Erwin v. Erwin, 14 N.C. 528, 3 Dev. 528 (1832)

Dec. 1832 · Supreme Court of North Carolina
14 N.C. 528, 3 Dev. 528

William G. Erwin v. Sarah Erwin.

An appellant who has failed to file his appeal, is not entitled to a certiorari, after a delay of three terms. He should apply at the first term, unless prevented by accident.

This was an application for a rule upon the defendant, to show cause why a certiorari should not issue. The applicant swore, that the judgment against him was rendered at the Spring Term 1831, of Rutherford Superior Court; that he then prayed an appeal, which was allowed; that the appeal bond and the record of the cause were sealed up, and deposited in the Post-office at Rutherfordton, the postage being paid, directed to the Clerk of the Supreme Court, in time to reach the office of that court, within the first seven days of the ensuing term ,• that not hearing of any adjudication in the cause, he had, since the last term of the court, caused enquiries to be made, from which he learned that the package above mentioned, bad never come to the hands of the Clerk of the Supreme Court.

No counsel appeared for the applicant.

*529Ruffin Judge.

The appeal was taken in April, 1831, and this application for a certiorari is now made —in December 1832, eighteen months, after the record ought to have been filed in this court. We do not think proper to consider whether the grounds laid for the relief asked, would have been sufficient, liad the motion been made at an earlier and proper period. For the motion comes out of due time, and must on that ground, be refused.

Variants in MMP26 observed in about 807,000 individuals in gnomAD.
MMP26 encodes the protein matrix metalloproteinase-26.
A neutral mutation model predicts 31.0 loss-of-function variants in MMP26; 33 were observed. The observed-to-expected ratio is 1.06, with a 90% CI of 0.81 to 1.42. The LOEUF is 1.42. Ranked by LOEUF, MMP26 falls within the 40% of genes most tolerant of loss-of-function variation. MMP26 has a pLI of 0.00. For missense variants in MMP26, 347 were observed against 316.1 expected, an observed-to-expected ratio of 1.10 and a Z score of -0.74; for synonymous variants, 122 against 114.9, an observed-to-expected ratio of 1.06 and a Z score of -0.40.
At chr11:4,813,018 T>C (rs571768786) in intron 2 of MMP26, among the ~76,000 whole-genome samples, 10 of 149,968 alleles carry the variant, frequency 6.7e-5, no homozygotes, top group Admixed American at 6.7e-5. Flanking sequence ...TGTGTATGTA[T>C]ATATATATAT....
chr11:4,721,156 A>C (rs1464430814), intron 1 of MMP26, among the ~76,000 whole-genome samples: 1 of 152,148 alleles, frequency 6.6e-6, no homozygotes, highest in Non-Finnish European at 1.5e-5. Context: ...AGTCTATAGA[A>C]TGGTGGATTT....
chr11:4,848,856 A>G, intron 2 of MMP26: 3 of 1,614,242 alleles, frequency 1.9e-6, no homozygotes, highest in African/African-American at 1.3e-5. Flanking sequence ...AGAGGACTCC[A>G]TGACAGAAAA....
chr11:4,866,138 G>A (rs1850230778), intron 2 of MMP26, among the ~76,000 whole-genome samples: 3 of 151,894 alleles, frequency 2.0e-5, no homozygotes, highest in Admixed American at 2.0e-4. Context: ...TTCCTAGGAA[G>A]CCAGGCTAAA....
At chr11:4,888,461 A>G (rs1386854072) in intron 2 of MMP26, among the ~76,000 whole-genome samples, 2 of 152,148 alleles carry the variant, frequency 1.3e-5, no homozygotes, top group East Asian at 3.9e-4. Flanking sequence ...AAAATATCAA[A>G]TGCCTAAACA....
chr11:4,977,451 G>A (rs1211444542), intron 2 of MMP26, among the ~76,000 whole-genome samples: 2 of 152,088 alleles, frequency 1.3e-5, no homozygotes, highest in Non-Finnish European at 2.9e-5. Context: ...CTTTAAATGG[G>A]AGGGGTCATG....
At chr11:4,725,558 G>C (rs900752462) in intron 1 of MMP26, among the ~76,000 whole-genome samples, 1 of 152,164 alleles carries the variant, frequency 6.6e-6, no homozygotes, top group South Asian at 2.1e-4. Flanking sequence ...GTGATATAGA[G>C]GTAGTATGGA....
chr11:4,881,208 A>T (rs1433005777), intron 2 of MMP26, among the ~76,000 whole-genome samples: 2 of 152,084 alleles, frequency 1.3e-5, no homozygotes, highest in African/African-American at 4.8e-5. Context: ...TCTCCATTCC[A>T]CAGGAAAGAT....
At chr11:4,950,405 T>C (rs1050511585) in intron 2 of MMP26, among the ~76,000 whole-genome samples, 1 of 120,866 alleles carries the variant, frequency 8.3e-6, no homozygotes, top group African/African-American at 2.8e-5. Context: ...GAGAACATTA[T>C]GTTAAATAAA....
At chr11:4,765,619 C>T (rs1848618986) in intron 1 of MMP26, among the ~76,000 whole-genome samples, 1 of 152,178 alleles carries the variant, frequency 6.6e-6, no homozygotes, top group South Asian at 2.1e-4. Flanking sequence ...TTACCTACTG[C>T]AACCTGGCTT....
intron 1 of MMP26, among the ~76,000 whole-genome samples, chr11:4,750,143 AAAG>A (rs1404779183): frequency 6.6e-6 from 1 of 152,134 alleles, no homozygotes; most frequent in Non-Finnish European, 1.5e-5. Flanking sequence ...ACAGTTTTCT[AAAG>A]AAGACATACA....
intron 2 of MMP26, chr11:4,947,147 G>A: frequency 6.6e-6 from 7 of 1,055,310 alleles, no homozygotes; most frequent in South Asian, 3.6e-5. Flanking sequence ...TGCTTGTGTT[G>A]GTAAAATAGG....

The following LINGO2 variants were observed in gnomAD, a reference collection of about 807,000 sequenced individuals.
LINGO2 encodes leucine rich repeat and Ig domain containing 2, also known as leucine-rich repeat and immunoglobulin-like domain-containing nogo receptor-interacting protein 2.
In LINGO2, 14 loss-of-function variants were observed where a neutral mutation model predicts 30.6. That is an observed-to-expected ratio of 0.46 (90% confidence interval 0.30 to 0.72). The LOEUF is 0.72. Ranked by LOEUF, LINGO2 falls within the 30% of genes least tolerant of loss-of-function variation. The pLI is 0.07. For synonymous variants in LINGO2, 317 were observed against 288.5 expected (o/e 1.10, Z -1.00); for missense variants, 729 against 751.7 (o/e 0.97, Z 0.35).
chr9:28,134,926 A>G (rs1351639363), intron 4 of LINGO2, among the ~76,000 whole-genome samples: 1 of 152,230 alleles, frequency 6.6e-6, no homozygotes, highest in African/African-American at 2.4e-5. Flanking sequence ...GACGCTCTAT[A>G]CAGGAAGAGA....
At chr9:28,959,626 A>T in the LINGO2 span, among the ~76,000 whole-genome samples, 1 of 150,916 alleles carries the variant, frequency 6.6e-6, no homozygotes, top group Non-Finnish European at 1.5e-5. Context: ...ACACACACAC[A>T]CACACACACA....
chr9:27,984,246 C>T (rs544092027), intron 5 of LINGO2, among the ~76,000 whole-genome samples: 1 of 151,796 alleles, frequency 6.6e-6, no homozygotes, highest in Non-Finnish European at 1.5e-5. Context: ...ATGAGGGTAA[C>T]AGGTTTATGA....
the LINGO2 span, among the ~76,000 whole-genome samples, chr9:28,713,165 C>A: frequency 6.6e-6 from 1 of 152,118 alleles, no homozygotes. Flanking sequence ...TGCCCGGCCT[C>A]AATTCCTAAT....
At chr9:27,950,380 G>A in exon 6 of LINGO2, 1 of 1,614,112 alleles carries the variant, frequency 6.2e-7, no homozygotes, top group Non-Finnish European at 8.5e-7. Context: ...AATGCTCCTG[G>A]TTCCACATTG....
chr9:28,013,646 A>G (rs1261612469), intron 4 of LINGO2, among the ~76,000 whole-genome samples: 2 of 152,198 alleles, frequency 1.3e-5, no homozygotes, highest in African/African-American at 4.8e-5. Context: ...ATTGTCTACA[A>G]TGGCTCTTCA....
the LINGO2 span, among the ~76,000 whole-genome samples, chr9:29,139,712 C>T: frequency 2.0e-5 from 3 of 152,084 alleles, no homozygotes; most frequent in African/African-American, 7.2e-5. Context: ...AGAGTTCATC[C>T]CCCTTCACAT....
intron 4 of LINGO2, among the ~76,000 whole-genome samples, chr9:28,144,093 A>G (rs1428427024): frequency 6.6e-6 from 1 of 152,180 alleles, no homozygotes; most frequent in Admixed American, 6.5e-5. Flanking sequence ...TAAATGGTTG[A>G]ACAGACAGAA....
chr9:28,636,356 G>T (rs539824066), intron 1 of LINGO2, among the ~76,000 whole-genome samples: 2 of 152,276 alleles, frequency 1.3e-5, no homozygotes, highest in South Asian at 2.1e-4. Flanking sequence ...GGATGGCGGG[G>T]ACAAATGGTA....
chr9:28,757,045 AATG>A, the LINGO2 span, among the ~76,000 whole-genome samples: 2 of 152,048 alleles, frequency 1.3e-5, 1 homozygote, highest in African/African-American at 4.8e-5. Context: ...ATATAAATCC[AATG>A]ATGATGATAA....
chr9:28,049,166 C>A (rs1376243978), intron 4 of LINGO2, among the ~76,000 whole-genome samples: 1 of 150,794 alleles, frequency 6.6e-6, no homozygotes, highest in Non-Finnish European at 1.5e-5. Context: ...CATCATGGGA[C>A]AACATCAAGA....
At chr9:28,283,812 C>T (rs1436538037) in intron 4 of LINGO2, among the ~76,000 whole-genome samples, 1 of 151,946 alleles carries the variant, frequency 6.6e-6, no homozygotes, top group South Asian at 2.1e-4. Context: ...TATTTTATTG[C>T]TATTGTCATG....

It is true, the party swears, that since the last term, he learned for the first time, that the transcript had miscarried. But his duty was to have enquired earlier; to attend to his cause, in person or by attorney, at the first term (unless prevented by accident;) and then to have taken the necessary steps to have the case brought up and decided.

By the course of the court, the application for this extraordinary remedy must be made as soon as the party • can, after losing the benefit of his appeal. It can no more be granted to one who is dilatory in asking for it, than it can be to one who has neglected to pray an appeal when in his power. He who fails from negligence, duly to. prosecute an appeal, is as little entitled to aid, as he who from the same cause, failed to obtain an appeal. The rule is therefore refused.

Per Curiam. — Ruxe refused.